I now want to turn to analysing another aspect of the coverage of religion: in John Birt's useful phrase, a bias against understanding. By this I mean there is a bias in the media against understanding, even trying to understand, or allowing the possibility of the legitimacy of religious belief or spirituality. The media is dominated by a secularised elite whose scorn, contempt, derision of belief is an unquestioned orthodoxy. Believers, of whom there are many, and some in very powerful positions (the editor of the Daily Telegraph and the Chairman of the Scott Trust, to mention just two), seem to make no or little headway against this dominant tone. Faith is presented as essentially absurd. I think the media which serves up this message firmly believe it's what their readers and listeners/viewers want to hear. It is part of a post-Darwinian consensus that the truths of Christianity are utterly implausible, that the Bible is a collection of tribal myths and the proposition that it is the revelation of divine truth is ludicrous. The development of cultural relativism, as anthropologists and comparative religion have opened up the enormous sophistication of other belief systems, makes of Christianity's exclusive claims on truth an appalling imperialistic arrogance. Religion is like a dinosaur, is a widespread perception, the decline in belief in this country is evidence that in time it will wither away altogether. Belief has been discredited and along with it, the whole idea that human beings might have a spiritual capacity, that it might be possible to know something called God, is belittled. At the risk of slightly exaggerating the point, I quote from George Orwell's original 1984 which contained an appendix called ‘The Principles of Newspeak’ in which he said that Newspeak was ‘not only to provide a medium of expression for the world view and mental habits proper to the devotees of Ingsox (English socialism) but to make all other modes of thought impossible’. The secular media achieves virtually achieves this. It prides itself on its challenging, questioning, taboos, no sacred cows but its intolerance and/or lack of interest towards religion reveals a deep prejudice in which both editors and readers are steeped.
4. The fundamental clash between religion and the nature of modern media.
Religion is and has always been about participation. Religare, the Latin root, means to tie together. Religion was and is about ordering the relationships between individuals within the context of an ultimate reality - God. Religious rituals express those relationships and place them in the context of God. By contrast, the principle of the modern media is that it casts the consumer as spectator. We sit in our armchairs watching the world's conflicts flicker across our television screens: Bosnia, Israel, Rwanda, Afghanistan. We absorb information - but for what? What can we do with all the knowledge modern communications heaps in our laps? We are overwhelmed by it, exhausted by it. It is agony to be the impotent passive spectator of other people's agony, day after day after day. How can we begin to process intelligently, respond thoughtfully to everything we learn about. So we have all, at different levels, learnt to switch off, to develop a passivity, to let it all roll over us and watch it like some great drama which doesn't really affect, or only occasionally, the day to day details of our lives. Seen from the perspective of a spectator, religion makes no sense. Attempts to use the media as a way of drawing people into participation - programmes such as Songs of Praise etc - will only ever have a limited audience. Otherwise this split between participation and passive spectator means that religion and the media are in direct conflict. The media serves up the scandalous, simplified, conflict-ridden tales with a peppering of the bizarre and freakish on the endless information carousel. The only result can be alienation.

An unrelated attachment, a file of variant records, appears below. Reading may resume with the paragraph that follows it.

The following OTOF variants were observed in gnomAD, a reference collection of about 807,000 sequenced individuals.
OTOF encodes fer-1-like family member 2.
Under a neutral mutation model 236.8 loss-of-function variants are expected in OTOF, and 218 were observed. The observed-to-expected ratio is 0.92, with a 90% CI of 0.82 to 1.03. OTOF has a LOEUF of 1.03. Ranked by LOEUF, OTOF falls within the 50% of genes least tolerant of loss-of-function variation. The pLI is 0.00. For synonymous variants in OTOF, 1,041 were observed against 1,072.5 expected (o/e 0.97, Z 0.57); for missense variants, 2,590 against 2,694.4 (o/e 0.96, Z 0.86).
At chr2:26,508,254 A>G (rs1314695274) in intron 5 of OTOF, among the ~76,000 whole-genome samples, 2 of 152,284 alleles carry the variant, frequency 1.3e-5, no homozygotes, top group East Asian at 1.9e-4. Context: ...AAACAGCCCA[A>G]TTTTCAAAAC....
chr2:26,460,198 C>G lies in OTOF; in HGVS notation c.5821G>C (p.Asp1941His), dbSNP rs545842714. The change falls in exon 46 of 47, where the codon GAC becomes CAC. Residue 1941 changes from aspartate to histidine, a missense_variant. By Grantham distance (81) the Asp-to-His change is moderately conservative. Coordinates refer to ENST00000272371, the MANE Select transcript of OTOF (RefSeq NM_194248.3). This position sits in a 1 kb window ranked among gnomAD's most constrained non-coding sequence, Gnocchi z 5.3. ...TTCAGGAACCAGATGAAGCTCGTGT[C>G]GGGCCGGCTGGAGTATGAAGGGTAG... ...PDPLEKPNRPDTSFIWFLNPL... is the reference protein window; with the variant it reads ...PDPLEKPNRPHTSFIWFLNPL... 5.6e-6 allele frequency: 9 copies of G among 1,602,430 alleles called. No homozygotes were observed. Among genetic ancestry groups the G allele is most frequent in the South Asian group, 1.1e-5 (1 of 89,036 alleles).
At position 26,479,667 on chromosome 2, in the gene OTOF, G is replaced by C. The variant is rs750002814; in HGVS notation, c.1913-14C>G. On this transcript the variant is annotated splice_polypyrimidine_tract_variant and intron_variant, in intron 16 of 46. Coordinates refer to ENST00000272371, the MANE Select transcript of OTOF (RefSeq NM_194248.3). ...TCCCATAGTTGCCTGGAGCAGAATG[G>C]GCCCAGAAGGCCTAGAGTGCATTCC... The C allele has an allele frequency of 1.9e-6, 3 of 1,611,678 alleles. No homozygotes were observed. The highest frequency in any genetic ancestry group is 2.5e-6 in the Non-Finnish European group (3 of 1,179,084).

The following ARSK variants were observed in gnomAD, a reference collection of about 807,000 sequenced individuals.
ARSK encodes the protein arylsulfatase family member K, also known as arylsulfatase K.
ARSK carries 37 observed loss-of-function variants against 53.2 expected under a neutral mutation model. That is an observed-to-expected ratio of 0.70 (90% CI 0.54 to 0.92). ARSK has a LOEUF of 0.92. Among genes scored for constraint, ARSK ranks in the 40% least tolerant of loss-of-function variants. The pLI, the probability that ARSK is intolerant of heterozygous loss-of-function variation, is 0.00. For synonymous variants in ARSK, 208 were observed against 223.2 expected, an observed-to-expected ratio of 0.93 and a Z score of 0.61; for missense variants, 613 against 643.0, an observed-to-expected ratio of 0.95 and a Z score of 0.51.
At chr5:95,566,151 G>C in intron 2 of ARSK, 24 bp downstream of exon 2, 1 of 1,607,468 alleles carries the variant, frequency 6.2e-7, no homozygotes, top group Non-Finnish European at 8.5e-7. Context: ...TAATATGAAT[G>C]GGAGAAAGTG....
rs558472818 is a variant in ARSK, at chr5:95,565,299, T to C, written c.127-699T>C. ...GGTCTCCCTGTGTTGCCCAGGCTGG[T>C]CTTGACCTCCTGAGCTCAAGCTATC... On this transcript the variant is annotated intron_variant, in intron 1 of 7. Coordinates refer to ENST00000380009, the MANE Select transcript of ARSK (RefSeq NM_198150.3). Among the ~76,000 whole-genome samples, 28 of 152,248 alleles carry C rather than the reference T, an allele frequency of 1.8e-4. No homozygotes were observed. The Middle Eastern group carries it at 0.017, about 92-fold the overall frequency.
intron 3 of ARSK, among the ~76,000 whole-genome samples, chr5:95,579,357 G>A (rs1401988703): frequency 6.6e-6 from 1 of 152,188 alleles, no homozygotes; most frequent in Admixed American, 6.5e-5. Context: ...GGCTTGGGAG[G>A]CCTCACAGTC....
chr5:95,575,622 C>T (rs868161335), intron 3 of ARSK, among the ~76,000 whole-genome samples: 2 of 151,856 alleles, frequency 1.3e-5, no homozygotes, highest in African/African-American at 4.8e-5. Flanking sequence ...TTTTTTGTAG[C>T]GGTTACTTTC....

5. The clash with the illusions of the consumer culture
The wealth of information delivered by the media could be terrifying to the consumer. The sense of impotence on the edges of this vast sea of human suffering in the world could overwhelm the consumer. That can't be allowed to happen because it might lead to a drop in circulation, or ratings which results in a loss of advertising revenue. So the media has to ally this saturation. of information with forms of reassurance to the consumer. Different reassurance is suitable for different consumer markets.
In broadsheet newspapers such as the Independent, Guardian and to some extent The Times and Telegraph, I would identify the reassurance as a tone of knowingness: it is irreverent, cynical, sophisticated. It has few, if any, articulated ideals, it scorns naivete, prides itself on being fast-moving and au courant. It has no concept of the sacred or of holiness; in fact it delights in confounding exactly such concepts. I think of Benetton's advertising - a baby being born still with umbilical cord and blood, a man on his death bed surrounded by family. Birth and death are used to shift jumpers. A trivialisation of the most profound points of human existence. The proliferating newspaper supplements are redolent of this. To the predominantly AB readership, it is implicitly saying, you are in control of your life. Control, a key word. Because being in control of your life is the litmus test of meaningful existence. Having control in your relationships, in your career, having control over the quality of your life to achieve the maximum possible amount of happiness. Control, is essentially a consumer concept, it means making informed, intelligent choices about consumer products and it is advertising driven, but it has seeped into the way we view every aspect of our lives. It is also a fabulous deceit. In an age of unprecedently high job-insecurity and marriage breakdown, control is a fond, cherished illusion, a sort of sugar coating - if we believe ourselves to be in control we feel better - to the pill of reality. There is a gap here, between appearance and reality, between how people perceive themselves and reality. A gap which newspapers carefully negotiate around, rather than expose.